The People of Ta’if Accept Islam
The idolaters of Taif, the very people who had driven the Messenger of Islam from their midst with violence and contempt, now sent a deputation to pray forgiveness and ask to be numbered among his followers. They begged, however, for temporary preservation of their idols. As a last appeal they begged for one month of grace only. But even this was not conceded. The Prophet said Islam and the idols could not exist together. They then begged for exemption from the daily prayers. The Prophet replied that without devotion, religion would be nothing. At last they submitted to all that was required of them. They, however, asked to be exempted from destroying the idols with their own hands. This was granted. The Prophet selected Abu Sufyan and Mughira to destroy the idols of Ta’if, the chief of which was the notorious idol of Al-Lat. This was carried out amidst cries of despair and grief from the women of Ta’if.
The conversion of this tribe of Ta’if is worthy of notice. This tribe, which hitherto had proved hostile to the new faith, was noted among the Arabs for its idolatrous priesthood. A small detachment under Ali was sent to reduce them to obedience and to destroy their idols. The prince of the tribe was Adi, the son of the famous Hatim, whose generosity was spoken of all over Arabia. On the approach of the Muslim force, Adi fled to Syria, leaving his sister with his principal clansmen, to fall into the hands of the Muslims. These were conducted by Ali with every sign of respect and sympathy to Medina. When the daughter of Hatim came before the Prophet, she addressed him in the following words: “Messenger of Allah, my father is dead; my brother, my only relation fled into the mountains on the approach of the Muslims. I cannot ransom myself; I count on your generosity for my deliverance. My father was an illustrious man, the prince of his tribe, a man who ransomed prisoners, protected the honor of women, fed the poor, consoled the afflicted, and was deaf to no appeal.”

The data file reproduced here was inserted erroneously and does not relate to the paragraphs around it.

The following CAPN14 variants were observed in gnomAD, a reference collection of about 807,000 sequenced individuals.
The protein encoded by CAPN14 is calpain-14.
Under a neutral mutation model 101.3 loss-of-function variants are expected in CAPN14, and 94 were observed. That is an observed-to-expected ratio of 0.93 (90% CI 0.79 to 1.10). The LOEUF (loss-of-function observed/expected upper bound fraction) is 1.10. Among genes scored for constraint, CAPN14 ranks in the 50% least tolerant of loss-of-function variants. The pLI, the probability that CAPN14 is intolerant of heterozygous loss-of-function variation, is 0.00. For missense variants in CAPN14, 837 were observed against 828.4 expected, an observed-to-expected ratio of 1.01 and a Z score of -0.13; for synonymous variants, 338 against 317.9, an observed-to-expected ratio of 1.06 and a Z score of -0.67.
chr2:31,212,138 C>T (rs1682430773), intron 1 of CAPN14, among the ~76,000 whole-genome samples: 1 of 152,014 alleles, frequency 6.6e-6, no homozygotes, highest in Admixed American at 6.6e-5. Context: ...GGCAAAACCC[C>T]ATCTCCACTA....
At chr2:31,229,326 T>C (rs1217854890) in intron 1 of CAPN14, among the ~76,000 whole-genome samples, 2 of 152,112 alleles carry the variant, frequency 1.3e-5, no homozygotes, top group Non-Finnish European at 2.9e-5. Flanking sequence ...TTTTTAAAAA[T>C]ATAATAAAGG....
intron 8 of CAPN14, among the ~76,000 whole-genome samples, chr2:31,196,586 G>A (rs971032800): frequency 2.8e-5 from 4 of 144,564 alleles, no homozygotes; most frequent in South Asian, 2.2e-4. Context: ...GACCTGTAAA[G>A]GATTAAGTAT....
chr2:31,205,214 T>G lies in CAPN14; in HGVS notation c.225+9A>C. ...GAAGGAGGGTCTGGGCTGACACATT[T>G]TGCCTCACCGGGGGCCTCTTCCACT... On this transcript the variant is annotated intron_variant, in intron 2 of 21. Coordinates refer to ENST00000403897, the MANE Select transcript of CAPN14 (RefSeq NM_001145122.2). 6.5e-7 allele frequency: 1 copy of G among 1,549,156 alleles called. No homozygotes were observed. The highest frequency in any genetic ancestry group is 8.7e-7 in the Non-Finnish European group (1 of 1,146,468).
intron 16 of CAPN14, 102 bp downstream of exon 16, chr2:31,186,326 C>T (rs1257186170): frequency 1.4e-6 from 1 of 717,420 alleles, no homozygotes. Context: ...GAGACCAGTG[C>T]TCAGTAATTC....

The Prophet replied: “Your father had the virtues of a true Muslim; if it were permitted to invoke the mercy of Allah on any whose life was passed in idolatry, I would pray to Allah for mercy for the soul of Hatim.” Then, addressing the Muslims around him, he said: ‘The daughter of Hatim is free, her father was a generous and humane man; Allah loves and rewards the merciful.” With the daughter of Hatim, all her people were set at liberty. She proceeded to Syria and related to her brother the generosity of Muhammad. Adi, touched by gratitude, hastened to Medina, where he was kindly received by the Prophet. He professed Islam and returned to his people and persuaded them to abandon idolatry. They all submitted and became devoted Muslims.